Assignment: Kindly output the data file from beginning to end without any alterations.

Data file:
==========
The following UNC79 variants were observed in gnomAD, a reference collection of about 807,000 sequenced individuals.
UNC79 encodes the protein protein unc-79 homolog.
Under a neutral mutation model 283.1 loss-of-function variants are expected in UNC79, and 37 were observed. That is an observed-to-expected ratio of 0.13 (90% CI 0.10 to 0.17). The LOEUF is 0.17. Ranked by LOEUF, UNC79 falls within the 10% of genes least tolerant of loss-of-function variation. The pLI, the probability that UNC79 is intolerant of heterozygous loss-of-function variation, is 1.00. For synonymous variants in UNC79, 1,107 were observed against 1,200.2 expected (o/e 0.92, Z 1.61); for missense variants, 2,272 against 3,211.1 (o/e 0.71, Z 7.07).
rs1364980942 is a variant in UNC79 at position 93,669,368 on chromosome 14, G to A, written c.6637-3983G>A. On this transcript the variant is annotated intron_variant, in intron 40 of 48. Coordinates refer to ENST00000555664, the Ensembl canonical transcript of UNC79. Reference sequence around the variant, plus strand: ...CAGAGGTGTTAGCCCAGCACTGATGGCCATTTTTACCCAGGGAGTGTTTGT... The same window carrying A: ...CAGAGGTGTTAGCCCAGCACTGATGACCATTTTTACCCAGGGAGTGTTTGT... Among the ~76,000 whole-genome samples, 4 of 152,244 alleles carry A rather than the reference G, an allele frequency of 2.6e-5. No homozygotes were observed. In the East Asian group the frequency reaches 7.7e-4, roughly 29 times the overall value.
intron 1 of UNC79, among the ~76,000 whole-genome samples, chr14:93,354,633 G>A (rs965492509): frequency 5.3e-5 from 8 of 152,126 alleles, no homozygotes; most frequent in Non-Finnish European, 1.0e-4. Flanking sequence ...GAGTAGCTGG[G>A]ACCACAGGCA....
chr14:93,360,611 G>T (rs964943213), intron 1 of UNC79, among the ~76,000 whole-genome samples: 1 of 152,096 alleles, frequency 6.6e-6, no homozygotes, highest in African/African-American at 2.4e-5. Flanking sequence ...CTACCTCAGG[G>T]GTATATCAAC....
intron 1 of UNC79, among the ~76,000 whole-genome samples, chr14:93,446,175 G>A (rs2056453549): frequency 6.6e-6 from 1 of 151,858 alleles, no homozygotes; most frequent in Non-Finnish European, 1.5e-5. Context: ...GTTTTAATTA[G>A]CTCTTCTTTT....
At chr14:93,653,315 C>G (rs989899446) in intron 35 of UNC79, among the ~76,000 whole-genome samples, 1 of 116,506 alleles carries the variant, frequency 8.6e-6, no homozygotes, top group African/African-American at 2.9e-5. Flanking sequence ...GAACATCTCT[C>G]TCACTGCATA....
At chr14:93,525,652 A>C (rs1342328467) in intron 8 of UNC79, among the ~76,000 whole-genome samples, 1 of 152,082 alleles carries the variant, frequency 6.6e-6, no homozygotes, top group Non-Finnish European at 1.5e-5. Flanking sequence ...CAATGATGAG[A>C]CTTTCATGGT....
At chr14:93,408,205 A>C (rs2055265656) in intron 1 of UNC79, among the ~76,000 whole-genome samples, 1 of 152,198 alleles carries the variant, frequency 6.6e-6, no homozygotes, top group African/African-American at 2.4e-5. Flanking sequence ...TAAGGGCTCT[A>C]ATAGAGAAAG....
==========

The following UNC79 variants were observed in gnomAD, a reference collection of about 807,000 sequenced individuals.
UNC79 encodes the protein protein unc-79 homolog.
Under a neutral mutation model 283.1 loss-of-function variants are expected in UNC79, and 37 were observed. That is an observed-to-expected ratio of 0.13 (90% CI 0.10 to 0.17). The LOEUF is 0.17. Ranked by LOEUF, UNC79 falls within the 10% of genes least tolerant of loss-of-function variation. The pLI, the probability that UNC79 is intolerant of heterozygous loss-of-function variation, is 1.00. For synonymous variants in UNC79, 1,107 were observed against 1,200.2 expected (o/e 0.92, Z 1.61); for missense variants, 2,272 against 3,211.1 (o/e 0.71, Z 7.07).
rs1364980942 is a variant in UNC79 at position 93,669,368 on chromosome 14, G to A, written c.6637-3983G>A. On this transcript the variant is annotated intron_variant, in intron 40 of 48. Coordinates refer to ENST00000555664, the Ensembl canonical transcript of UNC79. Reference sequence around the variant, plus strand: ...CAGAGGTGTTAGCCCAGCACTGATGGCCATTTTTACCCAGGGAGTGTTTGT... The same window carrying A: ...CAGAGGTGTTAGCCCAGCACTGATGACCATTTTTACCCAGGGAGTGTTTGT... Among the ~76,000 whole-genome samples, 4 of 152,244 alleles carry A rather than the reference G, an allele frequency of 2.6e-5. No homozygotes were observed. In the East Asian group the frequency reaches 7.7e-4, roughly 29 times the overall value.
intron 1 of UNC79, among the ~76,000 whole-genome samples, chr14:93,354,633 G>A (rs965492509): frequency 5.3e-5 from 8 of 152,126 alleles, no homozygotes; most frequent in Non-Finnish European, 1.0e-4. Flanking sequence ...GAGTAGCTGG[G>A]ACCACAGGCA....
chr14:93,360,611 G>T (rs964943213), intron 1 of UNC79, among the ~76,000 whole-genome samples: 1 of 152,096 alleles, frequency 6.6e-6, no homozygotes, highest in African/African-American at 2.4e-5. Flanking sequence ...CTACCTCAGG[G>T]GTATATCAAC....
intron 1 of UNC79, among the ~76,000 whole-genome samples, chr14:93,446,175 G>A (rs2056453549): frequency 6.6e-6 from 1 of 151,858 alleles, no homozygotes; most frequent in Non-Finnish European, 1.5e-5. Context: ...GTTTTAATTA[G>A]CTCTTCTTTT....
At chr14:93,653,315 C>G (rs989899446) in intron 35 of UNC79, among the ~76,000 whole-genome samples, 1 of 116,506 alleles carries the variant, frequency 8.6e-6, no homozygotes, top group African/African-American at 2.9e-5. Flanking sequence ...GAACATCTCT[C>G]TCACTGCATA....
At chr14:93,525,652 A>C (rs1342328467) in intron 8 of UNC79, among the ~76,000 whole-genome samples, 1 of 152,082 alleles carries the variant, frequency 6.6e-6, no homozygotes, top group Non-Finnish European at 1.5e-5. Flanking sequence ...CAATGATGAG[A>C]CTTTCATGGT....
At chr14:93,408,205 A>C (rs2055265656) in intron 1 of UNC79, among the ~76,000 whole-genome samples, 1 of 152,198 alleles carries the variant, frequency 6.6e-6, no homozygotes, top group African/African-American at 2.4e-5. Flanking sequence ...TAAGGGCTCT[A>C]ATAGAGAAAG....